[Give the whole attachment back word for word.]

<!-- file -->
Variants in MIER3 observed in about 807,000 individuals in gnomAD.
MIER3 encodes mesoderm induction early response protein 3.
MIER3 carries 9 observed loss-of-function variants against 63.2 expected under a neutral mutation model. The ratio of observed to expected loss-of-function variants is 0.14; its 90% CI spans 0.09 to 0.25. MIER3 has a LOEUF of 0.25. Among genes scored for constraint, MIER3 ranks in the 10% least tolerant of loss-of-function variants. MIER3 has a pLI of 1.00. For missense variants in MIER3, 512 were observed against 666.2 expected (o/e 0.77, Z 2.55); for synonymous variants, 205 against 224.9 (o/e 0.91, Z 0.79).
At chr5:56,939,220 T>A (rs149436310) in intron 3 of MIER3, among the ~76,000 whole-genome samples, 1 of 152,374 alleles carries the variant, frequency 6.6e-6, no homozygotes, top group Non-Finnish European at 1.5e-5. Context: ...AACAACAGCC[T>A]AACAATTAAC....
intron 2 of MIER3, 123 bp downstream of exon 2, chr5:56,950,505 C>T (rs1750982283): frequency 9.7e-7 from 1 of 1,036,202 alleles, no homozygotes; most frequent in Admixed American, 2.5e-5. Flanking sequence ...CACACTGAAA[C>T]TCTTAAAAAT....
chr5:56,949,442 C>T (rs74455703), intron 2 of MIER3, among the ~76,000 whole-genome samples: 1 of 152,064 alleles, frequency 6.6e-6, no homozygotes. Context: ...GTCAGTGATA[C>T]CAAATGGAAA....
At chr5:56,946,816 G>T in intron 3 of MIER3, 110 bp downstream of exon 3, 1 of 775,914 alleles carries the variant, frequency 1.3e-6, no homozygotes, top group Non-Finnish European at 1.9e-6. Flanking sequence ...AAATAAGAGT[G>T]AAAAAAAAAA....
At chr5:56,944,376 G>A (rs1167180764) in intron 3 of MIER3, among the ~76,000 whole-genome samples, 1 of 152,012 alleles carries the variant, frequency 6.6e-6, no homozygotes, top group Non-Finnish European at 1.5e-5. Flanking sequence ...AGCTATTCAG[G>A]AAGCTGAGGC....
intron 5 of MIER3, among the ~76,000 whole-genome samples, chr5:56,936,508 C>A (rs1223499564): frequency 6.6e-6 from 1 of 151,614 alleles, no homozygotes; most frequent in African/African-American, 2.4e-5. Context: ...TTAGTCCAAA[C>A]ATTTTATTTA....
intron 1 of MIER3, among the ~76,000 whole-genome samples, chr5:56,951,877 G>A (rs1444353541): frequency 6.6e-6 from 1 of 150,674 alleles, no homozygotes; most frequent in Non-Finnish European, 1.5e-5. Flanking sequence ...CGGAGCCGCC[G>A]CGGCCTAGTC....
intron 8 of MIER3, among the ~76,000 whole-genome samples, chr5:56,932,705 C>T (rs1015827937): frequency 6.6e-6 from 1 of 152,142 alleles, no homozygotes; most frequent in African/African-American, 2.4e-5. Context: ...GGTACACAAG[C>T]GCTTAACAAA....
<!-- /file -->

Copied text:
Variants in MIER3 observed in about 807,000 individuals in gnomAD.
MIER3 encodes mesoderm induction early response protein 3.
MIER3 carries 9 observed loss-of-function variants against 63.2 expected under a neutral mutation model. The ratio of observed to expected loss-of-function variants is 0.14; its 90% CI spans 0.09 to 0.25. MIER3 has a LOEUF of 0.25. Among genes scored for constraint, MIER3 ranks in the 10% least tolerant of loss-of-function variants. MIER3 has a pLI of 1.00. For missense variants in MIER3, 512 were observed against 666.2 expected (o/e 0.77, Z 2.55); for synonymous variants, 205 against 224.9 (o/e 0.91, Z 0.79).
At chr5:56,939,220 T>A (rs149436310) in intron 3 of MIER3, among the ~76,000 whole-genome samples, 1 of 152,374 alleles carries the variant, frequency 6.6e-6, no homozygotes, top group Non-Finnish European at 1.5e-5. Context: ...AACAACAGCC[T>A]AACAATTAAC....
intron 2 of MIER3, 123 bp downstream of exon 2, chr5:56,950,505 C>T (rs1750982283): frequency 9.7e-7 from 1 of 1,036,202 alleles, no homozygotes; most frequent in Admixed American, 2.5e-5. Flanking sequence ...CACACTGAAA[C>T]TCTTAAAAAT....
chr5:56,949,442 C>T (rs74455703), intron 2 of MIER3, among the ~76,000 whole-genome samples: 1 of 152,064 alleles, frequency 6.6e-6, no homozygotes. Context: ...GTCAGTGATA[C>T]CAAATGGAAA....
At chr5:56,946,816 G>T in intron 3 of MIER3, 110 bp downstream of exon 3, 1 of 775,914 alleles carries the variant, frequency 1.3e-6, no homozygotes, top group Non-Finnish European at 1.9e-6. Flanking sequence ...AAATAAGAGT[G>T]AAAAAAAAAA....
At chr5:56,944,376 G>A (rs1167180764) in intron 3 of MIER3, among the ~76,000 whole-genome samples, 1 of 152,012 alleles carries the variant, frequency 6.6e-6, no homozygotes, top group Non-Finnish European at 1.5e-5. Flanking sequence ...AGCTATTCAG[G>A]AAGCTGAGGC....
intron 5 of MIER3, among the ~76,000 whole-genome samples, chr5:56,936,508 C>A (rs1223499564): frequency 6.6e-6 from 1 of 151,614 alleles, no homozygotes; most frequent in African/African-American, 2.4e-5. Context: ...TTAGTCCAAA[C>A]ATTTTATTTA....
intron 1 of MIER3, among the ~76,000 whole-genome samples, chr5:56,951,877 G>A (rs1444353541): frequency 6.6e-6 from 1 of 150,674 alleles, no homozygotes; most frequent in Non-Finnish European, 1.5e-5. Flanking sequence ...CGGAGCCGCC[G>A]CGGCCTAGTC....
intron 8 of MIER3, among the ~76,000 whole-genome samples, chr5:56,932,705 C>T (rs1015827937): frequency 6.6e-6 from 1 of 152,142 alleles, no homozygotes; most frequent in African/African-American, 2.4e-5. Context: ...GGTACACAAG[C>T]GCTTAACAAA....